Evolution of provisions relating to violence against women in South Africa’s Traditional Courts Bill
Author Monica de Souza Louw
Affiliations: LLB LLM (University of Cape Town); Deputy Director, Land and Accountability Research Centre, Faculty of Law, University of Cape Town.
Source: Acta Juridica, 2020, p. 87 – 134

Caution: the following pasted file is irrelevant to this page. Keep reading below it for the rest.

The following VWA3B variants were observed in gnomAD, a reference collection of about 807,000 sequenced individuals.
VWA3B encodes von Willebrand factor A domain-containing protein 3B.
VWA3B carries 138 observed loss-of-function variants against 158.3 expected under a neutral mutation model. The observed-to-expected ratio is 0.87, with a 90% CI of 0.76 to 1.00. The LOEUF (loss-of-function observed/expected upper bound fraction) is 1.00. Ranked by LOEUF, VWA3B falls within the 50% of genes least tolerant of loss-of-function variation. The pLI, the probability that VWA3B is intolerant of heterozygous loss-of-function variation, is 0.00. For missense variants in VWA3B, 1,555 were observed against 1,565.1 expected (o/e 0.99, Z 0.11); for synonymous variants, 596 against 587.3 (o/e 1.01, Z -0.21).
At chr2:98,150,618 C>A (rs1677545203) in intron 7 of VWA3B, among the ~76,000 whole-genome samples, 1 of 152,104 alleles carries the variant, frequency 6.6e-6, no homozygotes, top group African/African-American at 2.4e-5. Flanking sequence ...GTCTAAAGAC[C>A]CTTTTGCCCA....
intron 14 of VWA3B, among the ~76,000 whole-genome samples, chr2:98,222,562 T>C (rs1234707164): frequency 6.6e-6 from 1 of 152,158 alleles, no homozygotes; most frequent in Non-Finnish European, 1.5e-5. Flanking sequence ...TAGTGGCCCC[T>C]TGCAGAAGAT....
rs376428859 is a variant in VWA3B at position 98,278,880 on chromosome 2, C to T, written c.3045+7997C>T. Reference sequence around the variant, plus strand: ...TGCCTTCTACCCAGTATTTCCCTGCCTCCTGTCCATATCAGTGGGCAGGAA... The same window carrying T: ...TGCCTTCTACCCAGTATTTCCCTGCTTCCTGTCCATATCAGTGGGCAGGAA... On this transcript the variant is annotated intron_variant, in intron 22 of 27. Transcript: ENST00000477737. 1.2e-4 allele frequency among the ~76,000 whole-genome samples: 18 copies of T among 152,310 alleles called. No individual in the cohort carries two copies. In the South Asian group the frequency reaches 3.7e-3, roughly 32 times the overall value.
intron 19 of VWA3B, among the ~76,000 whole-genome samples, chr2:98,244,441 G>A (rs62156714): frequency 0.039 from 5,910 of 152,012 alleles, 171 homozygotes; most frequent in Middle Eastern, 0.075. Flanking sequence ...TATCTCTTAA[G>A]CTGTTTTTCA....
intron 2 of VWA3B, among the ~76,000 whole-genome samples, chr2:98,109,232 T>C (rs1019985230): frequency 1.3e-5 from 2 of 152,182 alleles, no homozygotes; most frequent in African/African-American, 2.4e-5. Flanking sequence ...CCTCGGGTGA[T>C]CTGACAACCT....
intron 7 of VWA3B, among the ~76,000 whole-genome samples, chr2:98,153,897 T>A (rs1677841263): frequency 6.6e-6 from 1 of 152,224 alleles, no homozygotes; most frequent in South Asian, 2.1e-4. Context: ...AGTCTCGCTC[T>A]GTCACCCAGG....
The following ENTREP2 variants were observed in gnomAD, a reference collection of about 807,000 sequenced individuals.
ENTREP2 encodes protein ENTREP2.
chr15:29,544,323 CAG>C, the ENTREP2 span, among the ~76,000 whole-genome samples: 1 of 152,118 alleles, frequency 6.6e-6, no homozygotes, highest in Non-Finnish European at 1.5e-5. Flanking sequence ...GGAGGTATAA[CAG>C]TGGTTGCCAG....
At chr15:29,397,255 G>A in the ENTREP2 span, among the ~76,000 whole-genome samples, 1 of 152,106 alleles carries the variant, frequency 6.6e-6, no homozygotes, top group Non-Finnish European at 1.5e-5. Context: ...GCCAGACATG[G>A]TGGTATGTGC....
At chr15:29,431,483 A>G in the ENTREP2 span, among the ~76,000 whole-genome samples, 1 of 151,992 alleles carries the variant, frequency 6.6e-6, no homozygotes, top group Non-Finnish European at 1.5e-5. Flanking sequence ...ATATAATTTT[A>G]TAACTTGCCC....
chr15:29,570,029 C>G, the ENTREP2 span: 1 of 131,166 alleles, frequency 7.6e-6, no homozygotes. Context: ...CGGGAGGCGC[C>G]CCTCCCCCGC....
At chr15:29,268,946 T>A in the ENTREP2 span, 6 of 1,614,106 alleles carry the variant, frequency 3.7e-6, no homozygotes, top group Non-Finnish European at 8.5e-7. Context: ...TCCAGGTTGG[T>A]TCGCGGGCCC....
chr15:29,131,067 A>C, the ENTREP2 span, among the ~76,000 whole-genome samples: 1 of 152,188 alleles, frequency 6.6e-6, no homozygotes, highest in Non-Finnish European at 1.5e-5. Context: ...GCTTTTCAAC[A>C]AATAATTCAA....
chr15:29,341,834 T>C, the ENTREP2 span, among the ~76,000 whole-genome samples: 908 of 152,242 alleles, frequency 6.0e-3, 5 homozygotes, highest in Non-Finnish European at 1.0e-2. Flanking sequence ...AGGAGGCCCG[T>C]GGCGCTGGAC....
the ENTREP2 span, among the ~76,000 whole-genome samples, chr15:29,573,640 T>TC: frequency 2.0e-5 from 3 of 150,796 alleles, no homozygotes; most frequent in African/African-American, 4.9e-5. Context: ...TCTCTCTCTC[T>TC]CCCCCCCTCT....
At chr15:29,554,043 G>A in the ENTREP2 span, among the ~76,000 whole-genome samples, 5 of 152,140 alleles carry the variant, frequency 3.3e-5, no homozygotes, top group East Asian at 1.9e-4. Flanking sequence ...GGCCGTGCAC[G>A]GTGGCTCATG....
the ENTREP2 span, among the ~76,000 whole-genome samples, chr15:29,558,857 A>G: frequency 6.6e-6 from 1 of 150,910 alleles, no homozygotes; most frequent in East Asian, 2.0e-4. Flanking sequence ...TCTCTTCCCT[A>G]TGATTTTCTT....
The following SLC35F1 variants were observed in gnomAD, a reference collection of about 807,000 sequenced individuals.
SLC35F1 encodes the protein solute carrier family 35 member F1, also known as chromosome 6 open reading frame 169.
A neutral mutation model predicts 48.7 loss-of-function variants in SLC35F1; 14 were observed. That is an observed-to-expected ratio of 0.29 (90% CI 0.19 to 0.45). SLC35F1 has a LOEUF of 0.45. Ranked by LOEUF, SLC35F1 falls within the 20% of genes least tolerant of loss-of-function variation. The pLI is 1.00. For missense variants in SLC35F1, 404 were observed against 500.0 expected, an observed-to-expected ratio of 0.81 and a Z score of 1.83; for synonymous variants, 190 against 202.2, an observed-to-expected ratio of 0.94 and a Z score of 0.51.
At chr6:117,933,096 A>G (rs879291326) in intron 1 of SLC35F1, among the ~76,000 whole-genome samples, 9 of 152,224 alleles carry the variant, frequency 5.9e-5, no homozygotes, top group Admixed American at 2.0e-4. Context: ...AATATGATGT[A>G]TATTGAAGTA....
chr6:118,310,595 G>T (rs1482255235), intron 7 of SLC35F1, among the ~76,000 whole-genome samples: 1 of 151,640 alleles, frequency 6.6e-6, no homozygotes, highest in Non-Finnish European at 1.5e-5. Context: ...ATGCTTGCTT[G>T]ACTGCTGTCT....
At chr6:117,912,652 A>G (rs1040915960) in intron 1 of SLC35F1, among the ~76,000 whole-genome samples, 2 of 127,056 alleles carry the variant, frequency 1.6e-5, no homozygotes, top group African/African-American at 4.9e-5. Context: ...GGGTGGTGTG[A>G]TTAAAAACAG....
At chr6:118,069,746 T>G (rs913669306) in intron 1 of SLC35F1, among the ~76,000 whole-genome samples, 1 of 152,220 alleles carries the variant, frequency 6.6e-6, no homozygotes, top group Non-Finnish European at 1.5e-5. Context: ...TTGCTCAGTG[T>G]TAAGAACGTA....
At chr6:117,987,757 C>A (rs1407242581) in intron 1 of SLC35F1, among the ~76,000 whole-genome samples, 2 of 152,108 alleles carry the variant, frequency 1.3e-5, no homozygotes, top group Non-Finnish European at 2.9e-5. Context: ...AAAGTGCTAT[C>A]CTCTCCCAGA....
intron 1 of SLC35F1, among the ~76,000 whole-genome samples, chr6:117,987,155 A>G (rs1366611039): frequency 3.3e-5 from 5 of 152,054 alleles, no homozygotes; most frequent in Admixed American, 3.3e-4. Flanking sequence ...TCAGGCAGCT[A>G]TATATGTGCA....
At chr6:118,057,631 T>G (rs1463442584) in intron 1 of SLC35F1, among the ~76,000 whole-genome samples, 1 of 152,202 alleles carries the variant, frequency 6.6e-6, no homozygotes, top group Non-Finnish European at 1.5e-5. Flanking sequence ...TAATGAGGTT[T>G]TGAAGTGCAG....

Three versions of the Traditional Courts Bill (TCB) have been tabled before Parliament in the last two decades. Each version has raised questions about its impact on women’s experiences in customary law dispute resolution forums and whether sufficient protection is being provided for women’s rights. Concerns relate to the subject matter dealt with in traditional courts, the extent to which women’s voices are heard and taken seriously, and the impact on women of processes used to resolve disputes, including whether there are avenues for accountability. This article describes the evolution of the TCB’s approach to these matters with particular reference to women who have experienced violence or threats of violence and are involved in traditional court processes. The drafting process that occurred after the lapsing of the 2012 TCB version, and which gave rise to the 2017 TCB version, is highlighted. The analysis suggests a correlation between the prevailing gender dynamics within a particular drafting forum and the treatment of women’s concerns in the TCB’s provisions. Yet the TCB, and customary law more generally, could play an important role in protecting women from violence and providing appropriate recourse. It is therefore argued that the TCB law-making process must take public participation seriously and incorporate sincere efforts to build on women’s experiences of traditional courts and violence.